Newspaper Page Text
0 MEXIGO, MISSOURI
1 October 14, 1909 . ; J
1 z O OO&0 oooaoooooo o
EXIGO ' M
A CHINCH BUG KILLER.
Gets $130 per Head for Cattle
G. B. Moore Buys Fine Sheep.
y Henry Youngblood, near Mnr
tinsburg, has in a field of 50 acres
of wheat and sinee-the lata rain
it is looking fine. His neighbor,
Ben Bortcls, has in 35 acres of
wheat which is also looking fin..'.
Mr. Bertels says he has seen a few
chinch bugs this year. II?" thinks
the fertilizers nse-d is killing the
bug off, to which every wheal
raiser will say amen.
Lewis & Sims, who mark-Mo I
cattle in Chicago, last week, g . '
$130 n head for them. I They av
eraged 1576 pounds. Hut wasn't
that a good price, all right f
O. B. Moore and. wife of near
Vandalia attended the State Fair
at Sedalia. Mr. Moore bought
three fine Shropshire, sheep while
there ,f or $100 a buck and two
ewes. Mr. Moore has a fine flock
of sheep on his farm and makes
John Bacik of Perry sold two
fox hounds the other day for $35.
John Snider of near Santa Fe als)
sells fox hounds; has some now he
will put up against any . of em.
Chris Creigh, in Santa Fe neigh
borhood, has 2,000 bushels of fcnts
New corn is selling at 00 cents
a bushel at Stjuta Fe.
Fred Roberts sold to Tta. Lee
a work mule for ,'$25!
F. E. Wentz has bought a 280
acre farm, within a mile of the
sidewalk of Burlington, (the
county seat) Kansas. He thinks
he has a bargain and "will move
to it next March.
Emmet' Mundy sold a horse
mule colt to T. E. Davenport f jr'
"Wallace Dearing bought a jen
net on the streets the other day
for $3.50. Wallace will not buy
an autonlobile this year.
W. U. Coil at Laddonia is feed
ing 95 heifers and 353 head of
sheep, lie is gathering 80 acres of
corn which kj averaging more than
45 bushels to the acre.
Moss & Ban of Vandalia bought
12 head of horses in Sturgeon a
few days ago.
The Afex Realty Co. of' Sc.
Louis has bought the Bickley
Pasture,, in northeast Mexico. It
it said that' ten new dwelling
, houses will be erected on the
ground this winter. V
W. O. .Smith, the young aua
tioneer'of near Gant, thinks that
if our county fair management
would spend half the' money' it
pays out on fine horses for pre
miums on farm products, the Fair
would get a good deal more at
tention and support from the far
mers, and he points to Ferris Si
Cauthorn 's corn show last week as
proof. ' .
Henry Sanncberk sold a red
cow to W. R. Wisdom for $38.
'Mrs. Scott sold a black mare
mule to Maj. Geo. B. Ramsey for
Fred Roberts sold a span of two
year old mules, to Chas. Sehopp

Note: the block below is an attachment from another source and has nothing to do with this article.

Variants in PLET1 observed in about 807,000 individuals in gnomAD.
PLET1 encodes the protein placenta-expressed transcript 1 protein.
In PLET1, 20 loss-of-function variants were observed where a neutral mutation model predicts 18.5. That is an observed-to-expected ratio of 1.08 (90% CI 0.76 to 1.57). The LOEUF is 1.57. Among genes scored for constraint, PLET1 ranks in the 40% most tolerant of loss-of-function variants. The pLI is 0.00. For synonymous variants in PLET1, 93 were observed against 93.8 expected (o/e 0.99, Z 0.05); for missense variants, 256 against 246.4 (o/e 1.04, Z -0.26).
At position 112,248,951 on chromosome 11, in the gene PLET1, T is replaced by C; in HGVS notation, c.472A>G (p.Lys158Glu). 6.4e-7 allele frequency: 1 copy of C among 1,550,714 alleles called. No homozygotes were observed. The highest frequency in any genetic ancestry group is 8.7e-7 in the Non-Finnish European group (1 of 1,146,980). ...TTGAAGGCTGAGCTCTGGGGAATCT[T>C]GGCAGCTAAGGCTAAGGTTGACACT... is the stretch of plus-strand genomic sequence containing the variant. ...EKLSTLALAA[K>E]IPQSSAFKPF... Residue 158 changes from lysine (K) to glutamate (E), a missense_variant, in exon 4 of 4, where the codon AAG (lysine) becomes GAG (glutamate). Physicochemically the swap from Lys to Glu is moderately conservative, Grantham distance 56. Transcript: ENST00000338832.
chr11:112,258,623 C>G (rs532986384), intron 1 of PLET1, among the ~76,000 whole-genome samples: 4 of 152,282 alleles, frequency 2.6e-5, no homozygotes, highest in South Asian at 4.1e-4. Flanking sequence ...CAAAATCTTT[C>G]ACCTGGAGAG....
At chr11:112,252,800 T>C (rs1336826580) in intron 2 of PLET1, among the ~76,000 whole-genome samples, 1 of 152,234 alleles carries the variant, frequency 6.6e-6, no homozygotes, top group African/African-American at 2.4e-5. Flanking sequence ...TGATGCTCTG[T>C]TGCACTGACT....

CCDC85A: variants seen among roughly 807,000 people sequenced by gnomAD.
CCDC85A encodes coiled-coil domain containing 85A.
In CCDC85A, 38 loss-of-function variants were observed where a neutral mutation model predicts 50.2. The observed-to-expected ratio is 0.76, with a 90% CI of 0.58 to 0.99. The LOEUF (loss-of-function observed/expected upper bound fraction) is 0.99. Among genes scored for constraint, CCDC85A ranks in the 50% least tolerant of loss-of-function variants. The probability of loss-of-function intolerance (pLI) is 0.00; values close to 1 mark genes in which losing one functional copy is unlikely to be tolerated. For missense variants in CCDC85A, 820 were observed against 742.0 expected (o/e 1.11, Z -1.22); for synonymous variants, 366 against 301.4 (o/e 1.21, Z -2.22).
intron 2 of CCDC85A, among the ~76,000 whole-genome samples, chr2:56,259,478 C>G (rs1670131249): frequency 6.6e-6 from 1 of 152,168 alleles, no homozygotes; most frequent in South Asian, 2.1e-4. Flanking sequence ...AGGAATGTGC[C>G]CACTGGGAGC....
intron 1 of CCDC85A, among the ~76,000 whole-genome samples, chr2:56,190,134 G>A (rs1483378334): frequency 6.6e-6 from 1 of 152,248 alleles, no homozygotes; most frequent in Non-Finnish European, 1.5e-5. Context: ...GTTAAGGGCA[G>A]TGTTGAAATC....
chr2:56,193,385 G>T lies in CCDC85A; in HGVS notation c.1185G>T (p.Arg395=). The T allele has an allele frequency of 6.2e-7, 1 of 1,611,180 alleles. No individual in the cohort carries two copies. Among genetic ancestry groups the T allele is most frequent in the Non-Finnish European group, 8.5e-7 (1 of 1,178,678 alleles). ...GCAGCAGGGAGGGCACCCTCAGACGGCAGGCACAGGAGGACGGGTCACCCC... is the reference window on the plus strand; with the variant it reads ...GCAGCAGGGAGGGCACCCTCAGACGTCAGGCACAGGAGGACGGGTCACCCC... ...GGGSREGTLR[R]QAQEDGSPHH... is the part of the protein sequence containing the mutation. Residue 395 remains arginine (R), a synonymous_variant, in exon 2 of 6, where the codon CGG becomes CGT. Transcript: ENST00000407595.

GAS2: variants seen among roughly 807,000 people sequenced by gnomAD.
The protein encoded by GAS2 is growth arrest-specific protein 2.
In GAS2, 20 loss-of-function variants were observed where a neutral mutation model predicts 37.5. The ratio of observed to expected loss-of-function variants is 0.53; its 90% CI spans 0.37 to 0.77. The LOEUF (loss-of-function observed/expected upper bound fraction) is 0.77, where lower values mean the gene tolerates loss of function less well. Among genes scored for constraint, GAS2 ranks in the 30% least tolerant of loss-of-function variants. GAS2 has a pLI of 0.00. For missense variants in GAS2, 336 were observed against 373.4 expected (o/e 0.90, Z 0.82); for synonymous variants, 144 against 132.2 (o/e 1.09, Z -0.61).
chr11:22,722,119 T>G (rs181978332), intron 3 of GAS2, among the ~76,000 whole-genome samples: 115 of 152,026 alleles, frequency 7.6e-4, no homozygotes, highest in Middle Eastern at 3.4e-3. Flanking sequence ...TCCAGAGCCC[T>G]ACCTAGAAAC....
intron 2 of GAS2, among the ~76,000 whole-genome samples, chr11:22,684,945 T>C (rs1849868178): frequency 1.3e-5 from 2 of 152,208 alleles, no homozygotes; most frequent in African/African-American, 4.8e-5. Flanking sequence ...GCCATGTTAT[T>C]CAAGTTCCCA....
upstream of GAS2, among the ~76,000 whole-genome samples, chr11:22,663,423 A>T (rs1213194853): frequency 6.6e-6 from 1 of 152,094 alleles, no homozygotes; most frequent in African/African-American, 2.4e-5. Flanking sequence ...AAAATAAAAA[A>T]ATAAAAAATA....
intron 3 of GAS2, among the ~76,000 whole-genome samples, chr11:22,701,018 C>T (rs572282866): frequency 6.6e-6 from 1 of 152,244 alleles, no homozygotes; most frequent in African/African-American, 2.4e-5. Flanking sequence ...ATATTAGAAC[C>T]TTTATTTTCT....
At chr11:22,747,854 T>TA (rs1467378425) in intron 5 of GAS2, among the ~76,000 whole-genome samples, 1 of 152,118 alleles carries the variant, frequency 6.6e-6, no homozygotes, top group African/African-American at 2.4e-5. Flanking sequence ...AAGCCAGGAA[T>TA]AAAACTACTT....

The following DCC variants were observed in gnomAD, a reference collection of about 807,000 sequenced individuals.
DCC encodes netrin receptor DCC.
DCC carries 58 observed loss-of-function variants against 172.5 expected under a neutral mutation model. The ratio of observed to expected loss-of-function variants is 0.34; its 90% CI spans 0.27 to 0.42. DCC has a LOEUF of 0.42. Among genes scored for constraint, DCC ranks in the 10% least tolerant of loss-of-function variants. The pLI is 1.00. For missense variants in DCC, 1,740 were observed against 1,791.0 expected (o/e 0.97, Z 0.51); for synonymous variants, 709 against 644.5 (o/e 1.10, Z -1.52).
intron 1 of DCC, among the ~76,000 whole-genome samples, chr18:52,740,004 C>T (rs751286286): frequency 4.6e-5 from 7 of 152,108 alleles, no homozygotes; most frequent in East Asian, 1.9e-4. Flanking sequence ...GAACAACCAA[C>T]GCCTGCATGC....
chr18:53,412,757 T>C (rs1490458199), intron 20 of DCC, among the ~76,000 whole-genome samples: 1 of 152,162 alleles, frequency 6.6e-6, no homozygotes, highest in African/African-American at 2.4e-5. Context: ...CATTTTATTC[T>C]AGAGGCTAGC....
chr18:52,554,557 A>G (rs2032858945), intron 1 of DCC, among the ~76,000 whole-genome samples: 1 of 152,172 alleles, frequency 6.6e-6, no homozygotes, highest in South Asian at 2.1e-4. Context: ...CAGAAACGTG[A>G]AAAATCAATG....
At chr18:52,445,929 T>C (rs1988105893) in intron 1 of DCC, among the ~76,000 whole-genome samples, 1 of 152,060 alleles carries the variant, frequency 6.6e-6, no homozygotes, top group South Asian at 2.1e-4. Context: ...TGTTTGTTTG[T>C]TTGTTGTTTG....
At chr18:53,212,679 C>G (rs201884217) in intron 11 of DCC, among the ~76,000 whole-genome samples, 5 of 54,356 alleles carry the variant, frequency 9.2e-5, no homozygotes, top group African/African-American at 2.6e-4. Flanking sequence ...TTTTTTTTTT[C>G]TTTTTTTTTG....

for $145. .
Frank Elliott sold a gray mare
on the streets here last Saturday
to Bob Loekridge for $3.00. The
s ".nare is a little uueient as to ngv
.'."but she may get there next year
. - ,k1 Art li 1 it TT t
wiin a coat ana men ljoeu
ridge will be laughing last.
Coweta is a new feed now on
the market, containing cottonseed
meal and other fattening elements
and is said to be' . wonderfully
cheap compared with corn, bran
or concentrates. Cottonseed jneal
is bringing the highest prices ever
known,' linseed meal is ti most ex
pensive proposition, sorn is high
and comparatively scarce, and it
might be well for Audrain county
feeders to investigate Coweta if
they wish to save on their feed
bills. 1 '
LADDONIA KOEN KARNIVAL,
List of Awards Notes and Other
Laddonia did herself proud last
week during her three days
Koi n, Karnival. The weather was
id.-nl thruout, except within about
three hours of the close on the
Inst day a heavy' wind cloud with
rain and hail came up and torn
down some of the tents, injuring
slightly some of the needle work
displays. There was nothing else
C. A. Smith, the president, was
here and there and everywhere.
to see that things went right.
while Dr. Rex Hancock, the care
ful and .efficient secretary, worked
from morn till night to help ia
his line of the work. The citizens
of the town and whole surround
ing section of country took great
interest in the Karnival. Some of
the displays, notably the fruits
and corn, were the best we ever
saw grown on the soil of Missouri.
The town was beautifully light
ed up by eleetrricly at night and
the whole little city was in her
best holiday attire. '
We cannot go into particulars
as to the displays. However, we
might mention here some of the
relics showiv which were most in
teresting : 1
Edwin Maehin, near Martins
burg, showed a watch charm, with
Masonic emblems thereon, worn by
one of his ancestors, a pastor of a
Presbyterian church- in England,
in the 14th century.
. A watch charm was shown
made from a piece of rope from
the Battle Ship Maine, destroyed
in Havanna harbor.
A lady's back hair comb, as
wide square as your two hands,
was shown, worn 95 years ago.
Adams' Arithmetic, published
Eliza Day, a book published in
A coffee pot 100 years old.
Two deeds, one signed by
Martin Van Buren and the other
signed by Andrew Jackson.
Flat iron, 100 years old.
Best peck white corn, Chas. Green,
Best peck yellow corn, Bib Landrum
Best 25 ears red corn, John Hanger,
Best 25 ears yellow corn. John
Stalk with most ears, Jim Ware.
Ten largest earB, J. P. Wilson.
Pop corn, Hollfs Crlgler.
Broom corn, S. Hagerman.
Twelve ears white corn, J.C.Teague.
Twelve ears yellow corn. J. L.
Tallest Btalk of corn, M. O. Clutter
nest tm. or corn, D. M. Price.
. Ten ears yellow Dent. E. Shobe.
Ten ears Calico corn, Jno. Hanger.
Best peck wheat,, W. E. Thompson!
fepecial peck wheat, C. A. Mollett.
Best bu. white oats, Joah Barnes.
Best bu. black oats, Chas. Claire.
Best bu. red oats. E. T. Bashears.
Best display vegetables, G. B. Heater,
Best display beets, Mrs. Frank
Best peck potatoes, R. S. Mecklin.
Largest sweet potato, Sam Fuqua,